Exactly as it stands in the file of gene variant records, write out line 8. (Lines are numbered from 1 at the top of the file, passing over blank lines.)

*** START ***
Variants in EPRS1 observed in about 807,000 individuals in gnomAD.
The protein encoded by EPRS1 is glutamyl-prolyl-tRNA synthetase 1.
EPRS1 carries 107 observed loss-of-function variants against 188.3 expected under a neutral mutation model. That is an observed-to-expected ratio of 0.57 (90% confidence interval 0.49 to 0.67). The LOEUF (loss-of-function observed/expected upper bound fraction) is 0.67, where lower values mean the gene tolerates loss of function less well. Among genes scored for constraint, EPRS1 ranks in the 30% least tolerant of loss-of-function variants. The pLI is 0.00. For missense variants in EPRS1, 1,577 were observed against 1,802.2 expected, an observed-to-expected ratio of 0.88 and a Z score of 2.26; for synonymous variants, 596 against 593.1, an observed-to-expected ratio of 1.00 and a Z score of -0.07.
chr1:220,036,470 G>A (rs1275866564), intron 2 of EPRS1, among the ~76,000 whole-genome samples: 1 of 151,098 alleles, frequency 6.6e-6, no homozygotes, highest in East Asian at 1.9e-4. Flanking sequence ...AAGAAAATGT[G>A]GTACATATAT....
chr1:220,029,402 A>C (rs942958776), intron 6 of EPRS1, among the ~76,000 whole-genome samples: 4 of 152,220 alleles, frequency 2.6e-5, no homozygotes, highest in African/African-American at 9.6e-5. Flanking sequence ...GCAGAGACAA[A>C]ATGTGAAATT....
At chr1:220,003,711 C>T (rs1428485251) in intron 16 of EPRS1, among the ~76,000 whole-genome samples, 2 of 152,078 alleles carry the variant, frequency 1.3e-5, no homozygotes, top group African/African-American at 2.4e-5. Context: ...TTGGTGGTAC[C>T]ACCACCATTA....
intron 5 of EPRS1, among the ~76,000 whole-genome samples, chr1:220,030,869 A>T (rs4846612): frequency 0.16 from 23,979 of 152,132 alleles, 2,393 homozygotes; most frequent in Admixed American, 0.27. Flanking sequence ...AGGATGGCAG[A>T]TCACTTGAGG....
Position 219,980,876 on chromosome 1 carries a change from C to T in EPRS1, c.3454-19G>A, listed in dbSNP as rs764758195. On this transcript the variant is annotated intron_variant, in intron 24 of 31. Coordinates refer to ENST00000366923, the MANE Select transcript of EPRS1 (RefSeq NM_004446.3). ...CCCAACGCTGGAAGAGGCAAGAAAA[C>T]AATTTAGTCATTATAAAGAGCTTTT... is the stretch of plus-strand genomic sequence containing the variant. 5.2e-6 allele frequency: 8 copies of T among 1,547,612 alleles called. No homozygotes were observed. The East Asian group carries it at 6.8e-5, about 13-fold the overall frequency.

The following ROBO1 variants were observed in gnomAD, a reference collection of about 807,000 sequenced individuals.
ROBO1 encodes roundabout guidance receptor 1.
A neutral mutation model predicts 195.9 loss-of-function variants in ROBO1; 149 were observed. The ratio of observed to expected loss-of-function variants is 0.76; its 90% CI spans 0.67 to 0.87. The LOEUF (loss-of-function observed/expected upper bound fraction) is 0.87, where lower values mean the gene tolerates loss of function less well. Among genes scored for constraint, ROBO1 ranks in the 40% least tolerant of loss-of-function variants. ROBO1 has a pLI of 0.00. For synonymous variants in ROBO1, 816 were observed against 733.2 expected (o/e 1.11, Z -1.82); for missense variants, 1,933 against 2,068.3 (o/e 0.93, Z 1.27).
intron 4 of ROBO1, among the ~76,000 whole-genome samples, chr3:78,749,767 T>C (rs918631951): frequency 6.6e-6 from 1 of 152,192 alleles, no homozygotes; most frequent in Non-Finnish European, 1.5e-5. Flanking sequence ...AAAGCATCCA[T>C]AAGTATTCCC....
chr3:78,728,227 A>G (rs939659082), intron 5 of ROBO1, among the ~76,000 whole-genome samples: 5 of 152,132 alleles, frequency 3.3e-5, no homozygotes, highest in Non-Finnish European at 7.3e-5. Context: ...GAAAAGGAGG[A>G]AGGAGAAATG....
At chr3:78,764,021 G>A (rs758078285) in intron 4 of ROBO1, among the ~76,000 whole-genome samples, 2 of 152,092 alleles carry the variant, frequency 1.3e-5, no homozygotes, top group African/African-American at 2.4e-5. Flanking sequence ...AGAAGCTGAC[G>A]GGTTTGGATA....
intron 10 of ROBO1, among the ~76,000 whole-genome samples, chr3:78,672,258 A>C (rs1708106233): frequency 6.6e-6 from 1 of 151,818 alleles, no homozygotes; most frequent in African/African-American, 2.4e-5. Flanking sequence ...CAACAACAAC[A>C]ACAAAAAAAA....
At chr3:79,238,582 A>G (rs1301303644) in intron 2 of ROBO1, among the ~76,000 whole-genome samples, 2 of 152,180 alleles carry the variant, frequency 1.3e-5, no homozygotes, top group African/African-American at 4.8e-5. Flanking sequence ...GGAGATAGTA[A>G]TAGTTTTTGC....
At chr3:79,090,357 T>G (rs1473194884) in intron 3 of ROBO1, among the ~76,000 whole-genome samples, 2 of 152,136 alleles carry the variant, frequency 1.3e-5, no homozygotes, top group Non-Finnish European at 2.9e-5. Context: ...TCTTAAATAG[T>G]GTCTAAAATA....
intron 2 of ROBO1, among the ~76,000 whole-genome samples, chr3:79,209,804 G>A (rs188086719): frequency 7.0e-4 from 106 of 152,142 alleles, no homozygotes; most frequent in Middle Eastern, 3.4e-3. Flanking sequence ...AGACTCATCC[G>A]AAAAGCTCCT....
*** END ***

Position 219,980,876 on chromosome 1 carries a change from C to T in EPRS1, c.3454-19G>A, listed in dbSNP as rs764758195. On this transcript the variant is annotated intron_variant, in intron 24 of 31. Coordinates refer to ENST00000366923, the MANE Select transcript of EPRS1 (RefSeq NM_004446.3). ...CCCAACGCTGGAAGAGGCAAGAAAA[C>T]AATTTAGTCATTATAAAGAGCTTTT... is the stretch of plus-strand genomic sequence containing the variant. 5.2e-6 allele frequency: 8 copies of T among 1,547,612 alleles called. No homozygotes were observed. The East Asian group carries it at 6.8e-5, about 13-fold the overall frequency.